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placed on pottery stands, wooden racks or altars. On the top of the offerings was set one or more bowls containing burning incense. In the enclosure, on either side of the main temple, altars with offerings were arranged, according to most representations, in a double line (see fig. 5)(1), according to that in the tomb-chapel of Panehsi, in a single line (see fig. 6) (2). Beside each altar was placed a large bouquet of flowers (see fig. 5)(3); or else a pottery or stone pedestal supporting either a burning lamp (perhaps rather a cup of burning incense) or bowl

( (see fig. 6) ("), or else a libation vessel (5). Such a pedestal with accompanying lamp or cup was often placed beside the altars in the inner courts and chambers of both temples (see fig. 1, 2, 3, 6) m). According to the scenes in the tomb-chapels of Merire and Ahmose, there were two of these stands beside the high altar in the smaller temple, one at either end (see figs. 1, 2) (7). So too in the case of the principal altar in either of the two inmost courts of the larger temple (8).

As has been stated above, music played a prominent part in the worship of the Aton, as it did, of course also, in the worship of the old Egyptiau divinities.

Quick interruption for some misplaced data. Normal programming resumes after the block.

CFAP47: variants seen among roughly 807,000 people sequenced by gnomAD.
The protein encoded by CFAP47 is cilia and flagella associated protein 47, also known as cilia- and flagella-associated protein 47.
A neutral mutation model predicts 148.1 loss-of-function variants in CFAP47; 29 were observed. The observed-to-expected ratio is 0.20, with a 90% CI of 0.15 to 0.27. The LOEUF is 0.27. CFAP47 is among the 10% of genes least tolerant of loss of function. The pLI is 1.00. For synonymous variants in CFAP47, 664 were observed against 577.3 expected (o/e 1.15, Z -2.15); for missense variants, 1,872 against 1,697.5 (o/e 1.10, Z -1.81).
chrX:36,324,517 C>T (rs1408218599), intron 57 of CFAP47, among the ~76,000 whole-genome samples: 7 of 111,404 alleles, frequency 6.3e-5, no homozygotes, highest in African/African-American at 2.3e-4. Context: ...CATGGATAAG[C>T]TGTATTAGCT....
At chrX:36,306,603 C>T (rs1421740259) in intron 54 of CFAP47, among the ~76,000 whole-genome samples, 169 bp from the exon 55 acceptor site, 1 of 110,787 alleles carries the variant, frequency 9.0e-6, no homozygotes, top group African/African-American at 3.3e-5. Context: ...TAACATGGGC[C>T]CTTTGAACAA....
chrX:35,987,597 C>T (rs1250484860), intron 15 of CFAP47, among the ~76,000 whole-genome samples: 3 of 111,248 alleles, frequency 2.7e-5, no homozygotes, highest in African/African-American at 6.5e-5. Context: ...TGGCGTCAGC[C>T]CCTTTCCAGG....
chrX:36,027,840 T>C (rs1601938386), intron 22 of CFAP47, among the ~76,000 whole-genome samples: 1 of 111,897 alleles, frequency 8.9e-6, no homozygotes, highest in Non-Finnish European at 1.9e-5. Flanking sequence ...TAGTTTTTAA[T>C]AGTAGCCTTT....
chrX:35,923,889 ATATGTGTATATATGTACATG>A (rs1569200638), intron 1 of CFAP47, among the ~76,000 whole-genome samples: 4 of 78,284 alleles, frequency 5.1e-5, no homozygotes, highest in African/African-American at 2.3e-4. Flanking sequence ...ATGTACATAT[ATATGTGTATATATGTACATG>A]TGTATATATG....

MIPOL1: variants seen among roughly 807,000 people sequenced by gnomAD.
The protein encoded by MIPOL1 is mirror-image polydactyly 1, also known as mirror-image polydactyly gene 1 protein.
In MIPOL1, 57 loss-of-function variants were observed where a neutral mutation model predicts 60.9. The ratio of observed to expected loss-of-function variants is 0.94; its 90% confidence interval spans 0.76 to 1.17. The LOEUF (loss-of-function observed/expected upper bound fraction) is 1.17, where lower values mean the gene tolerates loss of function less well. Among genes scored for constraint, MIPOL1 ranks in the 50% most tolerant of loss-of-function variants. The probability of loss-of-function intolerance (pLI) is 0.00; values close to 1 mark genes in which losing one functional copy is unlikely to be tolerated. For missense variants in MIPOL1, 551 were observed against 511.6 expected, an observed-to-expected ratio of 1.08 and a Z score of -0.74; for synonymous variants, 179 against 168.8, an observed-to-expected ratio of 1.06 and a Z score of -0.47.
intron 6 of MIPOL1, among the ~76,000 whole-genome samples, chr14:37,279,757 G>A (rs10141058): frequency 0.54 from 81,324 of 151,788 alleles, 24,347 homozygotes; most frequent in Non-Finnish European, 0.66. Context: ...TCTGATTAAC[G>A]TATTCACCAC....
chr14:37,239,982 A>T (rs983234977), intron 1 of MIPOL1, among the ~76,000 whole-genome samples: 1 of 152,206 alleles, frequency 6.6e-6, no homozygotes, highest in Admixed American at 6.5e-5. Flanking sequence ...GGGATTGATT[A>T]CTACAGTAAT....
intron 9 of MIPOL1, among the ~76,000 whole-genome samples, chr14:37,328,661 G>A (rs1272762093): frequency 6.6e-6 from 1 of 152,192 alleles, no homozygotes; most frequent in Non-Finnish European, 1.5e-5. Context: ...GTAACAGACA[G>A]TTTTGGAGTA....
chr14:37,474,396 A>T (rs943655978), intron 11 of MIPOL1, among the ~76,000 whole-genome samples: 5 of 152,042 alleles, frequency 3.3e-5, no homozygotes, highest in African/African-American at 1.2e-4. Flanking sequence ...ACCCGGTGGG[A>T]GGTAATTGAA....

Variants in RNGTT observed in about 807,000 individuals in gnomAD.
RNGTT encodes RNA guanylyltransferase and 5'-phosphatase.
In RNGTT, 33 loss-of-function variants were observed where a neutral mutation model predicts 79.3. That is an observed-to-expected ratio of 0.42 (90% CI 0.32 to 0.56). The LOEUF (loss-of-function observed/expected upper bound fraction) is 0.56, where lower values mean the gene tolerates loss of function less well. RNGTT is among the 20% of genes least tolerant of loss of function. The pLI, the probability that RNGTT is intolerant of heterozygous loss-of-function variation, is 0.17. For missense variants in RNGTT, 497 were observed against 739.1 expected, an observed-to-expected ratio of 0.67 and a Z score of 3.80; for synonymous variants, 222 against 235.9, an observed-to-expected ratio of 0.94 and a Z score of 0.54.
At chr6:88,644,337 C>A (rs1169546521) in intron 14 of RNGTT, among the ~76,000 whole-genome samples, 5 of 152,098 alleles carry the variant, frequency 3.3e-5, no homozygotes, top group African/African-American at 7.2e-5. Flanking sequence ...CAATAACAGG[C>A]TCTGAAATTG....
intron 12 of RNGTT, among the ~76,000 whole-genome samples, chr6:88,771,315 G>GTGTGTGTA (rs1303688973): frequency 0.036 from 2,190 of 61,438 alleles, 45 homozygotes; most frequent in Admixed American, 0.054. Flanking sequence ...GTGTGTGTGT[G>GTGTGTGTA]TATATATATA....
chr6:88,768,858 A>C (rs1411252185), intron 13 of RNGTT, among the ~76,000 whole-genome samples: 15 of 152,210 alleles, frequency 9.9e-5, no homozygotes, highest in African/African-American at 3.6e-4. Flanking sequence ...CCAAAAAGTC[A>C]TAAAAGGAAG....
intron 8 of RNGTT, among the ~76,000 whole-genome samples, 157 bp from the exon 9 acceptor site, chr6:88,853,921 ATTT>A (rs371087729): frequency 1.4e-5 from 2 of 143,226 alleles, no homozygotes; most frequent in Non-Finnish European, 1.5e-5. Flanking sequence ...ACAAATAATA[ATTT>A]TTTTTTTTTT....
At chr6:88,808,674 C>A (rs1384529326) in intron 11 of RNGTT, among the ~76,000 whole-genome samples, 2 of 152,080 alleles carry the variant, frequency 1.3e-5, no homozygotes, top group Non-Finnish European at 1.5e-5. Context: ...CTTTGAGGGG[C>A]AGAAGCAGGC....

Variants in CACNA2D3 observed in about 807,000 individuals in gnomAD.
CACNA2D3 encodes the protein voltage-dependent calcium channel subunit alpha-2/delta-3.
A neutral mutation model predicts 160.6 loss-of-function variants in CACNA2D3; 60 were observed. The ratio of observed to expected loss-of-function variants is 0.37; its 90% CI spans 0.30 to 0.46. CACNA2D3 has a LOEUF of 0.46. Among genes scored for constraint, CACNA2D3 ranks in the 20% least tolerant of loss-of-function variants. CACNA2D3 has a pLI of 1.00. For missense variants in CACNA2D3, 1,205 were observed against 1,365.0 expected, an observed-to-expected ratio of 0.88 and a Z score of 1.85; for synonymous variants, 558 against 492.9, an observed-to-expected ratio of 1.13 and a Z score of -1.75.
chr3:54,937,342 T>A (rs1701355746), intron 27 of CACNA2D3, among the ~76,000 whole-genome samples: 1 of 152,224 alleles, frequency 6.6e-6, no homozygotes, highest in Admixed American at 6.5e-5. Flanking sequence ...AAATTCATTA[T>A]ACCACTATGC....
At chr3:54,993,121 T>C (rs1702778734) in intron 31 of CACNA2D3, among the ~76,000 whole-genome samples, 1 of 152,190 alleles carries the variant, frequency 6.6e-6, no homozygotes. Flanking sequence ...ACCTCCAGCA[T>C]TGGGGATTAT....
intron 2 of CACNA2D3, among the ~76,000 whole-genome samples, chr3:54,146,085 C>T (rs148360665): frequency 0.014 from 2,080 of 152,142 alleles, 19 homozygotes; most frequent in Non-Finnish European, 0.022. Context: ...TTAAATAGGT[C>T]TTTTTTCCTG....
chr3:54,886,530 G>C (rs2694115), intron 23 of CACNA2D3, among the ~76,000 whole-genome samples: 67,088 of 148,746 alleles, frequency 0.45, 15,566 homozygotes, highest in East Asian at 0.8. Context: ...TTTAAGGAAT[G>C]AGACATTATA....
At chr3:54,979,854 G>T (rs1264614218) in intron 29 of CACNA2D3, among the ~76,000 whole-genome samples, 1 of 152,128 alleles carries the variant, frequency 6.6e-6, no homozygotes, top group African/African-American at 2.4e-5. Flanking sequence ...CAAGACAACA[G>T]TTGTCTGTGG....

The various ritual acts were clearly as of yore performed to the accompaniment of the rattling of sistra, the royal daughters, according to the El-Amarna reliefs standing behind their parents and shaking these ceremonial rattles, while they 'Okhnaton and his


burned incense (see fig. 6), presented bouquets of flowers or food- and drink-offerings, raised their hands in adoration before the altar, or performed the ceremony of consecra


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() Also ibid., 1, pls. XA , XI., XXVII f., XXXIII: VI, pl. XX: see also III, pl. XXX.

(2) Also ibid., II, pls. XVIII f.
(3) Also ibid. , 1, pls. XXVU f.
(4) Also ibid., I, pls. XI f.; II, pls. XVIII.
(5) E. g., ibid. , II, pl: V.
(6) Also ibid., I, pls. XIf , XXVIII; II, pls. XVIII I.
(1) Also ibid., I, pl. XI.
(8) Ibid., 1, pl. XXVIII.


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tion with outstretched hrp-baton (1). Very occasionally the queen herself is depicted rattling a sistrum, while the king officiates alone as offerer(2).

Possibly a large number of sistrum-shaking musicianpriestesses functioned in the temple of the Aton, as in the ordinary Egyptian temples of the preceding and subsequents periods, the royal daughters schematically representing them (3) in the, what are after all in most respects, highly conventional reliefs.